A new trend in home building and home renovations has come into full swing in the first two decades of the 21st century, the demand in the market for multigenerational homes.
Home builders across the fruited plains are adding new floorplans that offer main level master suites in markets like the mid-Atlantic and northeast where master suites have traditionally been on the upper level.
10,000 baby boomers are turning 65 each day, and they want new homes in which they can age in place, where they don't have to climb stairs to the master suite.
Up until the 1940's it was common in the United States for children, parents, and grandparents to all live under one roof. It was so for my mother until she married my father, and they bought their own home with Dad's VA home loan benefits under The GI Bill. The economic prosperity of the 1950's and 1960's encouraged home ownership for each generation, and each generation establishing a separate home of their own. At the age of 18, young men went to college, joined the armed forces, or got a job and moved out on their own in an apartment, or communal flop house.
Things have radically changed since those days. The costs of living are much higher, and it's virtually impossible to get by on a starting wage when you're fresh out of high school or college. It's common for high school and college grads to bunk in Mom and Dad's basement until the kids are making enough money to get by on their own. Getting by on their own usually means finding a rental house where the current occupants need to fill a vacancy.
On the other hand, multigenerational living is normal among immigrants from Latin, Asian, and African countries. It is normal for the parents to go out and earn a living, while the grandparents are at home, caring for the children.
In each generation, the home builders of Americe create a new whiz-bang feature that defies that era. The whiz-bang feature of the 1950's was the master suite, which established one particular bedroom as Mom and Dad's room, with their own private bathroom. That feature established homes as two generational houses, Mom and Dad, and the kids.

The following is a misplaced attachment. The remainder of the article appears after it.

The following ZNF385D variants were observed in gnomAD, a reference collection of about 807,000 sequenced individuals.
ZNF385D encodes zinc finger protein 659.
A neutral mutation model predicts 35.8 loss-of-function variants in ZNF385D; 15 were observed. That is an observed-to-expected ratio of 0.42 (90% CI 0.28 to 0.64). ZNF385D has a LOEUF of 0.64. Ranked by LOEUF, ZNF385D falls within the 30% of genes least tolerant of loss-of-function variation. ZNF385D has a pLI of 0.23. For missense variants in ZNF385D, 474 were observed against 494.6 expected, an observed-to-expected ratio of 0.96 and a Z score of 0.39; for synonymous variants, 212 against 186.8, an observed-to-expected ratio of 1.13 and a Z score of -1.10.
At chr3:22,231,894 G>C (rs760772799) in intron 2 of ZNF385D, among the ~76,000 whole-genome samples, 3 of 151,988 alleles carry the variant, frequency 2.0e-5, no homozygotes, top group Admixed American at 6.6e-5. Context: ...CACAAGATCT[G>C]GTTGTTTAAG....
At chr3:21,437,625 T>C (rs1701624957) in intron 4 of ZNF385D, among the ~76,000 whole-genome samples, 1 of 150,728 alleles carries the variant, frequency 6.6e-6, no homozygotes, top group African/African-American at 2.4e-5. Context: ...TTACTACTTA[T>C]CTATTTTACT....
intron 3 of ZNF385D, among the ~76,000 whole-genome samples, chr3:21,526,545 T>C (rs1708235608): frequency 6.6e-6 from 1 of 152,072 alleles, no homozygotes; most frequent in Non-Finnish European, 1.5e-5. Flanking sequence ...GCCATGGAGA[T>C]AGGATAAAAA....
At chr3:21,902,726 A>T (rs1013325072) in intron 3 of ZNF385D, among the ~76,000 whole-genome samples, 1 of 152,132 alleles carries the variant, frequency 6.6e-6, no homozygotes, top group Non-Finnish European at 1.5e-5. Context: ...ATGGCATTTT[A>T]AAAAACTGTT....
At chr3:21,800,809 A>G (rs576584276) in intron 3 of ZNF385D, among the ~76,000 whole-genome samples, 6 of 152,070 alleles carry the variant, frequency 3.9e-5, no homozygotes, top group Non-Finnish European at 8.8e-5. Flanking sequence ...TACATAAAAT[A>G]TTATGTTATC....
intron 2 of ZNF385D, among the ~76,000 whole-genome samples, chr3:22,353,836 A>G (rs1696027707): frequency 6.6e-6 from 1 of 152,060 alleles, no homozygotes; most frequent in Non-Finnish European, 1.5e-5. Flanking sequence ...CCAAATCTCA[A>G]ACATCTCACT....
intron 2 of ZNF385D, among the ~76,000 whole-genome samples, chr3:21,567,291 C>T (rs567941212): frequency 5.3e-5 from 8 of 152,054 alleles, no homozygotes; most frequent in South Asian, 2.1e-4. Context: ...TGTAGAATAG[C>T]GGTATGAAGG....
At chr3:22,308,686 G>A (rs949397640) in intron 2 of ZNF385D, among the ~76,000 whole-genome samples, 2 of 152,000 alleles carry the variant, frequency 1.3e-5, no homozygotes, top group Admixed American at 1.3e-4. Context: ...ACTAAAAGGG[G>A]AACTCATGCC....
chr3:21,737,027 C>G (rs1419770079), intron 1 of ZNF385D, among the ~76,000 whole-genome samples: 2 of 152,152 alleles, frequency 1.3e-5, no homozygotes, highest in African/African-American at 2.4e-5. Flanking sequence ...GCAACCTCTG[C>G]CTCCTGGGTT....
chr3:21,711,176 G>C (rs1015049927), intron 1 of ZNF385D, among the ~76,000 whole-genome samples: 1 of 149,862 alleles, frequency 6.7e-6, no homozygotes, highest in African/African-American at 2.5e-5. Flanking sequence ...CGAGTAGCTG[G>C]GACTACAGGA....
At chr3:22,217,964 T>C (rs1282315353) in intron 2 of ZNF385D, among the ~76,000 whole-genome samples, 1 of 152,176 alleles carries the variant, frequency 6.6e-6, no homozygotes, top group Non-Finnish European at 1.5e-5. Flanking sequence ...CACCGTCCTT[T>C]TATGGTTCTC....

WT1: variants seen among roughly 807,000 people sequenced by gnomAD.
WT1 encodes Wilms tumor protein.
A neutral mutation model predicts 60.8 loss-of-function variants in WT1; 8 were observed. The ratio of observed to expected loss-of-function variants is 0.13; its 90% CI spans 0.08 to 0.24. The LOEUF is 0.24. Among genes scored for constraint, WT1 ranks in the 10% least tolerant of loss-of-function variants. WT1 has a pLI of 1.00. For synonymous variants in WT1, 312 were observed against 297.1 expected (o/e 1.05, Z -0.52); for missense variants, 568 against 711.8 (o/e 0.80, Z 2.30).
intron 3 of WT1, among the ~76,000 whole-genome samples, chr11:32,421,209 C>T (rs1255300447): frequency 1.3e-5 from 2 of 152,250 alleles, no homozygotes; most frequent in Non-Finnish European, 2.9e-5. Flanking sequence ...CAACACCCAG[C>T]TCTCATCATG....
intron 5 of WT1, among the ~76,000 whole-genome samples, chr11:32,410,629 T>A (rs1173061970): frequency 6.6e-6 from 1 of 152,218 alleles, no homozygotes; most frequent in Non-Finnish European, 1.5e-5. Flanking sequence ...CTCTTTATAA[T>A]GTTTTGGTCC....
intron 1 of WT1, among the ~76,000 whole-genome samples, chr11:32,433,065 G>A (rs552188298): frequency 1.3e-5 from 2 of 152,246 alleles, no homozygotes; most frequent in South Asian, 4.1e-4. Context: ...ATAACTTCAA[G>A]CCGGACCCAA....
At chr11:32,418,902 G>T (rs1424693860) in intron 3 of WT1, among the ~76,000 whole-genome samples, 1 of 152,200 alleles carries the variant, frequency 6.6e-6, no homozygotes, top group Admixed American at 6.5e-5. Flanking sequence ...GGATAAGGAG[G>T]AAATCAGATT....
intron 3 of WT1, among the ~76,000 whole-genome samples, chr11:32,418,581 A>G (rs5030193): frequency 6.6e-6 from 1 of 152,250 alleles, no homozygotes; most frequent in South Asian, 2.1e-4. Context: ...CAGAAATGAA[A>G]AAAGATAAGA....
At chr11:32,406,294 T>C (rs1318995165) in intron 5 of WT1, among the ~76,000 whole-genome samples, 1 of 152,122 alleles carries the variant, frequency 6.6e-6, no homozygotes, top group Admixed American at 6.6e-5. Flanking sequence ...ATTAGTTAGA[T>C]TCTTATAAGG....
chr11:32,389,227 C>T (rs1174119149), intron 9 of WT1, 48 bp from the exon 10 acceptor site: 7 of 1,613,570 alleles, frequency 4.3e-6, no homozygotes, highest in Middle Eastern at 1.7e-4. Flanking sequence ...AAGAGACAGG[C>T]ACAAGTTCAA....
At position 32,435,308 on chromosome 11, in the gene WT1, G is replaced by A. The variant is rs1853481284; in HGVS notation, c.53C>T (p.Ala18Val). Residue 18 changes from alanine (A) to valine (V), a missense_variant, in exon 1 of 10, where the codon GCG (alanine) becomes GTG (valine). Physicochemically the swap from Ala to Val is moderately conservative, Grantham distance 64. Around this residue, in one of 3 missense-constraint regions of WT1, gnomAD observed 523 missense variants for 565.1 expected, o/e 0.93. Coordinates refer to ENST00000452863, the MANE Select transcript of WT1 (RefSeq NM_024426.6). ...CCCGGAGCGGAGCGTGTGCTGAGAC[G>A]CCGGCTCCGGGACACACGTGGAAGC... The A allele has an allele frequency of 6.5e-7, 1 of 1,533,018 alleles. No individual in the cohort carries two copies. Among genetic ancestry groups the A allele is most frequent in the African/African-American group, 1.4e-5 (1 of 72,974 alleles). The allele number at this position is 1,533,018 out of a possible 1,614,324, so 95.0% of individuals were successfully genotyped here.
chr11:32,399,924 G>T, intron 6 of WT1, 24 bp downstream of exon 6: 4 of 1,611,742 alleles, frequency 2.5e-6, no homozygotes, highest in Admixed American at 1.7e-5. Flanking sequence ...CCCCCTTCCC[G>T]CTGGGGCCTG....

The next generation gave us a new fangled invention called the family room. It's like the living room, in fact we do all of the same stuff in there, like watch TV, and wrestle your big brother, but it has a different name. "So what do we do with the living room?" Well, do you remember how you got mad when folks would visit, and the grownups would sit in the living room, and you couldn't watch TV because it would be "bad manners" to disturb their conversation? Now the grownups can have the living room all to themselves, and you have the TV in the family room.
This decade is introducing home designs with three or more generations in mind. All of the major production builders from sea to shining sea are churning out multigenerational floorplans as fast as the engineers can figure out how to build them at affordable prices. Many of these home designs offer the option of a second master suite for the grandparents. Some builders are even offering apartments for the grandparents with their own garage, separage foyer, sitting room, kitchen, breakfast room, bedroom, master bath, a private patio, and a door from the foyer joining the space with the family home.
Walk-out or walk-up basements with separate entrances for the kids just out of college, or just out of a tour of duty in the military to come and go, while living in Mom and Dad's basement lets them hold onto a shred of their dignity unil they can afford to live on their own.
For older children who are in the throes of divorce, with their own child, it often makes good sense to move in with Mom and Dad, Grandma, and Grandpa, while getting the pieces of a normal life put back together. It's good for the child to have the loving, steady hands of grandparents and great-grandparents during times of strife.
The baby boom generation brought tremendous changes to our culture in the 60's and 70's. One might say that those changes were enough to change the destiny of American culture and the American way of life. As baby boomers transition into retirement, they are not going there neekly nor quietly. No, the boomers are dead set on getting the most out of life, in their homes, with their families, for as long as they can possibly do so. They are buying homes that support their way of life for their families in their golden years. The home builders are responding with plenty of options.